Outlet malls, which offer savings on designer goods in an open air setting, are expanding their footprint.

When Gloucester Premium Outlets opens in August in Blackwood, it will be the 69th outlet center in the United States for Simon Property Group.

The company's portfolio has grown steadily over the last three decades, with at least one or two outlets opening every year since 1995. That trend is likely to continue, says Stephen Yalof, chief executive officer of Simon Premium Outlets.

"We're building new shopping centers with more demand, both from the consumer end and the retailers' end," he said. "People love them."

Simon owns the largest and most profitable outlet in the country: Woodbury Common Premium Outlets. Located about 50 miles northwest of New York City, it measures nearly one million square feet and boasts 300 brands. Simon also owns 16 international outlet centers, including nine in Japan, three in South Korea, one in Malaysia, and one outside of Mexico City.

In the first quarter, Simon reported a 96 percent occupancy rate at its domestic outlets, about the same as last year. But sales per square foot were $621, up from $576 in the January-to-March period in 2014.

"They provide tremendous value - it's that simple," David Cordish, chairman of Cordish Cos., which developed Walk in Atlantic City, said of the popularity of outlets. Pennsylvania Real Estate Investment Trust (PREIT), which owns several malls in the region, is redeveloping the Gallery at Market East and renaming it the Fashion Outlets of Philadelphia.

"Off-price apparel chains, outlet malls, food, and entertainment are the fastest-growing segments in retail, fueled by consumer spending habits during the recession," said Joe Coradino, CEO of PREIT.

"It's destination shopping for value," said Simon's chief operating officer of premium outlets, Mark J. Silvestri. "It's almost a treasure hunt. You're going out there and don't know what you are going to find."

Jasmine Santiago 27, of Reading, found several bargains recently at Philadelphia Premium Outlets, off Route 422 West in Limerick. She bought seven pairs of shoes at Aldo during a two-hour jaunt with boyfriend Marquis Jackson, 33. The couple also bought clothes at Bebe, Polo Ralph Lauren, and True Religion. The total tab was $600 to $700.

"We were rushing around, but we got what we wanted," said Santiago, a home equity specialist.

Philadelphia Premium Outlets opened in November 2007 and completed a 120,000-square-foot expansion less than a year later. It now has 150 stores - including Michael Kors, Neiman Marcus, and Vera Bradley.

Yalof, who worked previously as senior vice president of real estate at Polo Ralph Lauren, said an outlet is a collection of manufacturers selling directly to the consumer, which allows significant markdowns on designer and house brands because there is no middle man.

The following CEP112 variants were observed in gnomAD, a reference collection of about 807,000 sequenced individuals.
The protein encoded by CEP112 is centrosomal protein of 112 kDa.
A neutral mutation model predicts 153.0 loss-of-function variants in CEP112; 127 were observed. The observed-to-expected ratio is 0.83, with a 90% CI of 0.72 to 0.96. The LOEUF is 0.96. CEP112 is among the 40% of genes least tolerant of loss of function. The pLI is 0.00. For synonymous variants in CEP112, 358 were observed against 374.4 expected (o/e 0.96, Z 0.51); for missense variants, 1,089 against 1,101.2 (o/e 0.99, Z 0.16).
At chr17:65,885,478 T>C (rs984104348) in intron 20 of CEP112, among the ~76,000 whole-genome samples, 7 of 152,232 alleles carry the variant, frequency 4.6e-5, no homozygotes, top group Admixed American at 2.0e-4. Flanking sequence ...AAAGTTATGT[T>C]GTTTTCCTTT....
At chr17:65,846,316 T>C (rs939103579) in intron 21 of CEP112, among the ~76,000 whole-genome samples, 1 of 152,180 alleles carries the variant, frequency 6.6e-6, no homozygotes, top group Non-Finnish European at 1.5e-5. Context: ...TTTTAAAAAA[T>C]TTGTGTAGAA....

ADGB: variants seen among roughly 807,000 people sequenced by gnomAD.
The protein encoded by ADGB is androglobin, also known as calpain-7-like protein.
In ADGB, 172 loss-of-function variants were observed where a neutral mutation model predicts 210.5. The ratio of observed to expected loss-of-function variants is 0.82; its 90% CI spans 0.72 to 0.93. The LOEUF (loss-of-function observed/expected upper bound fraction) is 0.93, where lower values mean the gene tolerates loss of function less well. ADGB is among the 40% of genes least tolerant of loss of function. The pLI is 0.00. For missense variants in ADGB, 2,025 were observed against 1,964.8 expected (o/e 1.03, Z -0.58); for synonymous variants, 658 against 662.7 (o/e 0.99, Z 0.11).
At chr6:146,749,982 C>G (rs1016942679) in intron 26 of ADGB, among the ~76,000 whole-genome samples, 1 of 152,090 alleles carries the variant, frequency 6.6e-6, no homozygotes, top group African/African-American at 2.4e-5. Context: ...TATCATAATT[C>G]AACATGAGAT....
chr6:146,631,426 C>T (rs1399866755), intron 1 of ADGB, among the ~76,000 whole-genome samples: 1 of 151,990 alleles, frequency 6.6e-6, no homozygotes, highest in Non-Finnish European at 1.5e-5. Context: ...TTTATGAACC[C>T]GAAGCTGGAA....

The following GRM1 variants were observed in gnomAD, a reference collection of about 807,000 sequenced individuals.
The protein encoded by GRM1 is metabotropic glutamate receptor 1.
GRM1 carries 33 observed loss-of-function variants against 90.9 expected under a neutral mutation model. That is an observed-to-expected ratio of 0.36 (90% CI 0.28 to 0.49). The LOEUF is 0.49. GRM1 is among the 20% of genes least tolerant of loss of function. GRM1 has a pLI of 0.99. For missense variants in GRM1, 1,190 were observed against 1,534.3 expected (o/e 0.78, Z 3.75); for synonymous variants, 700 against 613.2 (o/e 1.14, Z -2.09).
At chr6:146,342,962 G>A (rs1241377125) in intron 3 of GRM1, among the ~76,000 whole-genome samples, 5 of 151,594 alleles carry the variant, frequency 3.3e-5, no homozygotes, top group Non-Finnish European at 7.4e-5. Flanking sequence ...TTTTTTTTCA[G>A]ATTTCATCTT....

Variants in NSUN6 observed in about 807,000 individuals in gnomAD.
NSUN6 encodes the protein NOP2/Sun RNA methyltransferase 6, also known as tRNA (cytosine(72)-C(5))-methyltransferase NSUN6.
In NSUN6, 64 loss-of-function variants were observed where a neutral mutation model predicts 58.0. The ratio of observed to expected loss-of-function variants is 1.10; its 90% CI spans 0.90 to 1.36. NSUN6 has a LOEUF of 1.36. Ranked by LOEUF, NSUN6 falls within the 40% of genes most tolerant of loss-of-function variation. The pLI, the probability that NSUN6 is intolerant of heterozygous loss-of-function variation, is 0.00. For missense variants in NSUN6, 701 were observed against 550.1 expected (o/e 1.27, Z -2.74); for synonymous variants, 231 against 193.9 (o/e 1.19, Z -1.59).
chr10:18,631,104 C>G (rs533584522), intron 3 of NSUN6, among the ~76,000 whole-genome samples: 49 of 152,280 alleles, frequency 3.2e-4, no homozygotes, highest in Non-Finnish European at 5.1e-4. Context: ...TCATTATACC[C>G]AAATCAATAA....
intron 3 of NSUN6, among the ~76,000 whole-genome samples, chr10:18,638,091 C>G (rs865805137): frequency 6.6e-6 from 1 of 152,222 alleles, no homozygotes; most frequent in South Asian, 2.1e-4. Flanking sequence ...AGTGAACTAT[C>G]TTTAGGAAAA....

Many stores at an outlet are smaller than those in an enclosed mall, and an outlet center has no anchor department stores.

Simon is considered the pioneer of the outlet. It opened the first one, Liberty Village Premium Outlets, in Flemington, N.J., in 1981 - and that started the outlet mall evolution.

"We offer three things: value, fashion, and the customer experience," he said. "If you fail one of those, you may lose the customer for good."

Yalof said making the shopper comfortable with amenities, such as valet parking and places to sit and relax, or eat, was key.

"We encourage them to spend more time there," Yalof said. "It is not based on need, but more for leisure shopping - people make a day of it, so we put in landscaping and fountains."

Allison Hoffman, 28, a teacher from Shenandoah, Pa., drove 1 hour and 45 minutes to get to Philadelphia Premium Outlets last week on her way to Philadelphia International Airport.

"Everyone told me I had to stop here," said Hoffman, as she shopped at the Gap.

Outlets are often located away from enclosed shopping malls. Case in point: King of Prussia Mall and Philadelphia Premium Outlets, both owned by Simon, are 18 miles apart.

"The regional mall serves all things to all people - it's a community place, it's shopping everyday," Yalof said. "They go to the premium outlets four or six times a year. It's more destination shopping.

"Spacing has to do with large department brands in the enclosed malls," Yalof said. "Manufacturers are selling wholesale to Macy's. They don't want to be across the street from Macy's. They want to reach as many consumers as possible with different venues."

Silvestri said that preferred outlet sites had great access and visibility off major highways and "areas with families on a budget looking for brands at a value."

The location for Gloucester Premium Outlets, off Route 42 at Exit 7-A in Blackwood, Gloucester Township, satisfied all the criteria for Simon.

"That whole side of the Delaware River was lacking that type of [outlet] venue," Silvestri said. "Gloucester [Township] is right in the middle. We want to capture transient customers heading from Philly to Atlantic City."